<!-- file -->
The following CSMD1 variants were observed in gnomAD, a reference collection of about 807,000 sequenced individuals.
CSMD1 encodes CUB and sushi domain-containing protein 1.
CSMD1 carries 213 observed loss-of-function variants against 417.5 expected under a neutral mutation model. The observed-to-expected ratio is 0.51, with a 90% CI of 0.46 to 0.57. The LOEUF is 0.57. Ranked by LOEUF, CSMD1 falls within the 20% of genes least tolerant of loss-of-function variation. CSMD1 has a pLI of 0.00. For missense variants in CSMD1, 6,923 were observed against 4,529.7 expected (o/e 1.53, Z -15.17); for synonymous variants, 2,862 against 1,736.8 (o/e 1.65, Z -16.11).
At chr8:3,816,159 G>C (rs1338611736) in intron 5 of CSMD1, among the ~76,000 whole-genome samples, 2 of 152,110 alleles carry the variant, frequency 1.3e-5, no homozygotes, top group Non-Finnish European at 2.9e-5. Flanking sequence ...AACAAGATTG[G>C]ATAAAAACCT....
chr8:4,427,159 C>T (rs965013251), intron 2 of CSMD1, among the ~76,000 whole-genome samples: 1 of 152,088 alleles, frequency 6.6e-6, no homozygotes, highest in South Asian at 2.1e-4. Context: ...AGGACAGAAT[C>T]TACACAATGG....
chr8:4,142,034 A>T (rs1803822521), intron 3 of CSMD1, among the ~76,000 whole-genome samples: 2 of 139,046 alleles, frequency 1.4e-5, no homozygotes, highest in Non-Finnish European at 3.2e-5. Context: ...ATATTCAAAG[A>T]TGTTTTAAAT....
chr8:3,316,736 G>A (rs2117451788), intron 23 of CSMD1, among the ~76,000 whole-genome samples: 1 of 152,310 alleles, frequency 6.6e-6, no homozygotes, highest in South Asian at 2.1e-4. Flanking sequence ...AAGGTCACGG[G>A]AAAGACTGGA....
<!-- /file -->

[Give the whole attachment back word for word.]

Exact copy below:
The following CSMD1 variants were observed in gnomAD, a reference collection of about 807,000 sequenced individuals.
CSMD1 encodes CUB and sushi domain-containing protein 1.
CSMD1 carries 213 observed loss-of-function variants against 417.5 expected under a neutral mutation model. The observed-to-expected ratio is 0.51, with a 90% CI of 0.46 to 0.57. The LOEUF is 0.57. Ranked by LOEUF, CSMD1 falls within the 20% of genes least tolerant of loss-of-function variation. CSMD1 has a pLI of 0.00. For missense variants in CSMD1, 6,923 were observed against 4,529.7 expected (o/e 1.53, Z -15.17); for synonymous variants, 2,862 against 1,736.8 (o/e 1.65, Z -16.11).
At chr8:3,816,159 G>C (rs1338611736) in intron 5 of CSMD1, among the ~76,000 whole-genome samples, 2 of 152,110 alleles carry the variant, frequency 1.3e-5, no homozygotes, top group Non-Finnish European at 2.9e-5. Flanking sequence ...AACAAGATTG[G>C]ATAAAAACCT....
chr8:4,427,159 C>T (rs965013251), intron 2 of CSMD1, among the ~76,000 whole-genome samples: 1 of 152,088 alleles, frequency 6.6e-6, no homozygotes, highest in South Asian at 2.1e-4. Context: ...AGGACAGAAT[C>T]TACACAATGG....
chr8:4,142,034 A>T (rs1803822521), intron 3 of CSMD1, among the ~76,000 whole-genome samples: 2 of 139,046 alleles, frequency 1.4e-5, no homozygotes, highest in Non-Finnish European at 3.2e-5. Context: ...ATATTCAAAG[A>T]TGTTTTAAAT....
chr8:3,316,736 G>A (rs2117451788), intron 23 of CSMD1, among the ~76,000 whole-genome samples: 1 of 152,310 alleles, frequency 6.6e-6, no homozygotes, highest in South Asian at 2.1e-4. Flanking sequence ...AAGGTCACGG[G>A]AAAGACTGGA....